‘Single-asset sceptics’ was the headline of a weekly commentary we published around 18 months ago on Secondaries Investor.
At the time, the market for GP-led restructurings involving a sole company stood at around 10 percent of GP-led volume, and there was plenty of scepticism directed at it. One VC directs player described the strategy as “absurd”: “If you can’t sell the asset, there’s a problem with it.”
Fast-forward to today and the market for single-asset secondaries deals has exploded. According to data from advisory firm Evercore published in July, such transactions grew to account for almost one-third of GP-led deals in the first half of the year.
Several transactions have made headlines so far this year. These include Thomas H Lee Partners, which is reportedly seeking to move financial advisor HighTower Advisors out of its 2015-vintage Fund VII into a continuation vehicle. And Riverstone Holdings, which last month was close to completing a process to move renewable energy-focused Enviva Holdings into a separate vehicle, as Secondaries Investor and sister title Buyouts have reported.
Market sources tell us there are between seven to eight sizeable single-asset deals in market or which are set to launch in the coming weeks.
So what’s behind the change in sentiment over the last 18 months? Well, aside from the fact it can take time for a novel strategy to become accepted (remember the days when preferred equity was a strategy that no one took seriously?), several factors have contributed to the growing acceptance of single-asset deals.
One is that secondaries funds have been growing in size, allowing buyers more leeway to navigate concentration risk in their funds. In 2015 the largest secondaries fund was Lexington Partners’ $10.1 billion eighth vehicle; today the biggest is almost double that – Ardian’s $19 billion ASF VIII programme. The most recent vintages from Lexington and Strategic Partners – the two biggest firms which focus on the GP-led market – are 39 percent and 48 percent bigger than their respective predecessor vehicles.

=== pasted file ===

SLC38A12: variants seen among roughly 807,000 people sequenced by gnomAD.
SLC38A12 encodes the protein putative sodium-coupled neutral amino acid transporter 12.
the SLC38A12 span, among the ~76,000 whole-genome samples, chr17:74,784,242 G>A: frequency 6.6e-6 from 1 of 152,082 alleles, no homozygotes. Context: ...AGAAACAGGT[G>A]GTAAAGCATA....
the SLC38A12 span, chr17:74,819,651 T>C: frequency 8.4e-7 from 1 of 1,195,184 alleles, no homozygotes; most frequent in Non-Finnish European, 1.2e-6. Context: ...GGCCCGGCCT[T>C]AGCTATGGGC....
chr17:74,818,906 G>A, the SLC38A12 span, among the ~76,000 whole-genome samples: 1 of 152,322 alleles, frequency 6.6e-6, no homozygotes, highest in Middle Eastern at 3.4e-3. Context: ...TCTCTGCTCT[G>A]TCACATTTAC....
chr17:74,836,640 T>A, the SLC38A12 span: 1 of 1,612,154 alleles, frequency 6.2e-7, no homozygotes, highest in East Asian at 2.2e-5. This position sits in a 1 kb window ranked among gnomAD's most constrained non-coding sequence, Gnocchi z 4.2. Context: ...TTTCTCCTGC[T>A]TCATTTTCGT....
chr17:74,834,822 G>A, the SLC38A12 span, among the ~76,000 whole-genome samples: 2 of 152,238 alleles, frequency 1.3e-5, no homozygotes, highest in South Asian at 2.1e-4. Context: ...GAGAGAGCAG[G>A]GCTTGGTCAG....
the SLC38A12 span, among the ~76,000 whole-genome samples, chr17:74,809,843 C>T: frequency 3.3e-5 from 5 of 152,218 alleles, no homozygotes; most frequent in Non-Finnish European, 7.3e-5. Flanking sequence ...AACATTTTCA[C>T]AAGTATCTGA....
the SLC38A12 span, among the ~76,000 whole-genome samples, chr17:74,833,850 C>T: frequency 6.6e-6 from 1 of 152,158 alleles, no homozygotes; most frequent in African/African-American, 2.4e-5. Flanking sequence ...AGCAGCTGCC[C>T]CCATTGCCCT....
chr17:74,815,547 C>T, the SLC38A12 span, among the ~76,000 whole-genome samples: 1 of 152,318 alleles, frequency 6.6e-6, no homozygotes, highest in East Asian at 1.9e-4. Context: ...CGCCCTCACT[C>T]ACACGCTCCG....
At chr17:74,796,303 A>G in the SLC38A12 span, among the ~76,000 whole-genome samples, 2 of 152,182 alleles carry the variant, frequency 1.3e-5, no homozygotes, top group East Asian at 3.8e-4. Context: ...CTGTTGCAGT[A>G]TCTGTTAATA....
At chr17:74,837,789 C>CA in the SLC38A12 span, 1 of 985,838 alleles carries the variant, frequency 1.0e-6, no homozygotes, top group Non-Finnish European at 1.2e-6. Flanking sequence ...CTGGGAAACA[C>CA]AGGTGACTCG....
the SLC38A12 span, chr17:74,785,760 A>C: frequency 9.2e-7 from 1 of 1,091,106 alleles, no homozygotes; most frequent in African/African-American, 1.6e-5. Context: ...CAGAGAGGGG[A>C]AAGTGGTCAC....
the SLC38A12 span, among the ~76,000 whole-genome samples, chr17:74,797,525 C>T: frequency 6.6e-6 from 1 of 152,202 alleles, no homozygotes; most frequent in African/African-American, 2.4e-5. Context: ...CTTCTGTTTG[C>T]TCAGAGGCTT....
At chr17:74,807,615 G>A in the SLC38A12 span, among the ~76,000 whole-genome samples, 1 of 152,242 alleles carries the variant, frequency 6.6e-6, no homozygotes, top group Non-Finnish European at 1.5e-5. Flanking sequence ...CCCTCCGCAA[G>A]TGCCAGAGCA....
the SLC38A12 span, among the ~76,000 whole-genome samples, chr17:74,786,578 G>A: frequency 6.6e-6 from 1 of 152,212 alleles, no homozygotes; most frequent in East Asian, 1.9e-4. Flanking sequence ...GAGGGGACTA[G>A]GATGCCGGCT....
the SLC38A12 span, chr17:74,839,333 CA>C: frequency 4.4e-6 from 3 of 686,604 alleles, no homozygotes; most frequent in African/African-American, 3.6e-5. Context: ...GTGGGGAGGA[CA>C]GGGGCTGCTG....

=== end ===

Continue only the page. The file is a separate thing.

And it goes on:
This year’s crisis has also made it more difficult for buyers to value highly diversified portfolios of LP fund stakes – no one has a clear idea of how a bundle of 100 fund interests and their underlying companies will be impacted by the health pandemic. By comparison, conducting due diligence on one asset via a series of Zoom calls is a clearer task.
“These transactions tend to be around quality assets, because any asset being seriously impacted by covid is really not a candidate for something like that,” says Nigel Dawn, global head of Evercore’s private capital advisory business, speaking to Secondaries Investor for an upcoming podcast. Dawn says Evercore now gets the management team of an underlying portfolio company to present to potential secondaries buyers via Zoom, amid the lockdown restrictions.
In a year when face-to-face meetings, dinners and on-site due diligence is increasingly difficult for buyout funds’ investment teams, the prospect of holding onto an asset while generating liquidity for LPs looks increasingly appealing. For a market with $183 billion to deploy during an unprecedented crisis, single-asset transactions could be a saving grace.